• Splines are smooth piecewise functions whose pieces are drawn from certain given (usually polynomial) spaces. Thanks to their representation in terms of the B-spline basis, they are at the core of CAGD (Computer Aided Geometric Design), the collection of mathematical tools to describe and manipulate curves, surfaces, volumes and grids. CAGD primitives have been recently adopted in IgA (Isogeometric Analysis), a computational approach that combines and extends engineering analysis with CAGD. The key idea of IgA is to use the CAGD representation tools in both the design and the analysis phase, providing a true design-through-analysis methodology. Our research addresses different aspects of splines and CAGD methods, ranging from theoretical issues (construction of spline spaces and bases, approximation schemes,…) to applications in the context of IgA (analysis-suitable descriptions of complex geometries, adaptive refinement strategies, spectral analysis and design of fast solvers,…)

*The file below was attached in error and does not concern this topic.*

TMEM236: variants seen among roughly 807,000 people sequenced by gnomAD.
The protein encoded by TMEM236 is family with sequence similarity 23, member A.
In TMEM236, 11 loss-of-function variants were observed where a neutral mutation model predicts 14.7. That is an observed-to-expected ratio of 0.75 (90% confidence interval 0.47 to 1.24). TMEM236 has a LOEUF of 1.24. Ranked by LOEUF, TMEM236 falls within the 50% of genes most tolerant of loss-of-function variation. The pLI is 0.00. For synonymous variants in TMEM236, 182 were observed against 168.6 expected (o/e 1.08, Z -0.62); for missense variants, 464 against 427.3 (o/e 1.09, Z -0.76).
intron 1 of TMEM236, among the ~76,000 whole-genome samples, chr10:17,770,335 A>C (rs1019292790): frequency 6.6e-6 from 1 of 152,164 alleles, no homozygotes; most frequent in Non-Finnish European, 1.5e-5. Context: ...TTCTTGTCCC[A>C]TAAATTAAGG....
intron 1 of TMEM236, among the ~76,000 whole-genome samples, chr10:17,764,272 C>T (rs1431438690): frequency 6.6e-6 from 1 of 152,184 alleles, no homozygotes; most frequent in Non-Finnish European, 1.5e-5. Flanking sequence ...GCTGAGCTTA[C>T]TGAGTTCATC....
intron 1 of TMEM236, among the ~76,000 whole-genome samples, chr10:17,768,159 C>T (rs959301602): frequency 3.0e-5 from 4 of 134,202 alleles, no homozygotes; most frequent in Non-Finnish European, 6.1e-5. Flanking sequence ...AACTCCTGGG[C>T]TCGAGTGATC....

• Involved persons: Hendrik Speleers, Carla Manni